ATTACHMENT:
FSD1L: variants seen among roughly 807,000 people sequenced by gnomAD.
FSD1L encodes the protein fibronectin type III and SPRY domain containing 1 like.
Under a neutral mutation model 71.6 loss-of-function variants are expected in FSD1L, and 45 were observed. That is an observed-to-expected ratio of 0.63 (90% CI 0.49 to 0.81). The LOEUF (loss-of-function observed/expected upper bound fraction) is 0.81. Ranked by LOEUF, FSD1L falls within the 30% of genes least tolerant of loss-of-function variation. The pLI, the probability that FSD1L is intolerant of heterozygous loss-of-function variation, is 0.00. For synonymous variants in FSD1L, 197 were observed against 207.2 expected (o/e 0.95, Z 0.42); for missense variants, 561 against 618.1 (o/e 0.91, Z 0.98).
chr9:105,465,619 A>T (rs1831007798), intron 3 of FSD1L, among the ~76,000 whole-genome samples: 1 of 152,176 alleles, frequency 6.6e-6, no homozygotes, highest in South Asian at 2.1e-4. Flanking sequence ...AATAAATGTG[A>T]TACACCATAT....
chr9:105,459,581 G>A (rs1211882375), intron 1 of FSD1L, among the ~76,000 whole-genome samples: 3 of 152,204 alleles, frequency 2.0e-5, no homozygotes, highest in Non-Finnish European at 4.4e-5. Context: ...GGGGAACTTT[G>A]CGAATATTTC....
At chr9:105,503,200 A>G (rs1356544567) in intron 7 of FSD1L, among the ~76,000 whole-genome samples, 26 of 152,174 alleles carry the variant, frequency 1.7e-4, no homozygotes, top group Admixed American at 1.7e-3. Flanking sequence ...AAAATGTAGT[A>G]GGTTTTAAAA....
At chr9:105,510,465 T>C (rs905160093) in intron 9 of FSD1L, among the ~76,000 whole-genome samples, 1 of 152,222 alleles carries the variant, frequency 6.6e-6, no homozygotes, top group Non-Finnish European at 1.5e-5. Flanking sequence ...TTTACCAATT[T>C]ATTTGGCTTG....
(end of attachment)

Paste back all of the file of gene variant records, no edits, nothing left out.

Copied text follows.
FSD1L: variants seen among roughly 807,000 people sequenced by gnomAD.
FSD1L encodes the protein fibronectin type III and SPRY domain containing 1 like.
Under a neutral mutation model 71.6 loss-of-function variants are expected in FSD1L, and 45 were observed. That is an observed-to-expected ratio of 0.63 (90% CI 0.49 to 0.81). The LOEUF (loss-of-function observed/expected upper bound fraction) is 0.81. Ranked by LOEUF, FSD1L falls within the 30% of genes least tolerant of loss-of-function variation. The pLI, the probability that FSD1L is intolerant of heterozygous loss-of-function variation, is 0.00. For synonymous variants in FSD1L, 197 were observed against 207.2 expected (o/e 0.95, Z 0.42); for missense variants, 561 against 618.1 (o/e 0.91, Z 0.98).
chr9:105,465,619 A>T (rs1831007798), intron 3 of FSD1L, among the ~76,000 whole-genome samples: 1 of 152,176 alleles, frequency 6.6e-6, no homozygotes, highest in South Asian at 2.1e-4. Flanking sequence ...AATAAATGTG[A>T]TACACCATAT....
chr9:105,459,581 G>A (rs1211882375), intron 1 of FSD1L, among the ~76,000 whole-genome samples: 3 of 152,204 alleles, frequency 2.0e-5, no homozygotes, highest in Non-Finnish European at 4.4e-5. Context: ...GGGGAACTTT[G>A]CGAATATTTC....
At chr9:105,503,200 A>G (rs1356544567) in intron 7 of FSD1L, among the ~76,000 whole-genome samples, 26 of 152,174 alleles carry the variant, frequency 1.7e-4, no homozygotes, top group Admixed American at 1.7e-3. Flanking sequence ...AAAATGTAGT[A>G]GGTTTTAAAA....
At chr9:105,510,465 T>C (rs905160093) in intron 9 of FSD1L, among the ~76,000 whole-genome samples, 1 of 152,222 alleles carries the variant, frequency 6.6e-6, no homozygotes, top group Non-Finnish European at 1.5e-5. Flanking sequence ...TTTACCAATT[T>C]ATTTGGCTTG....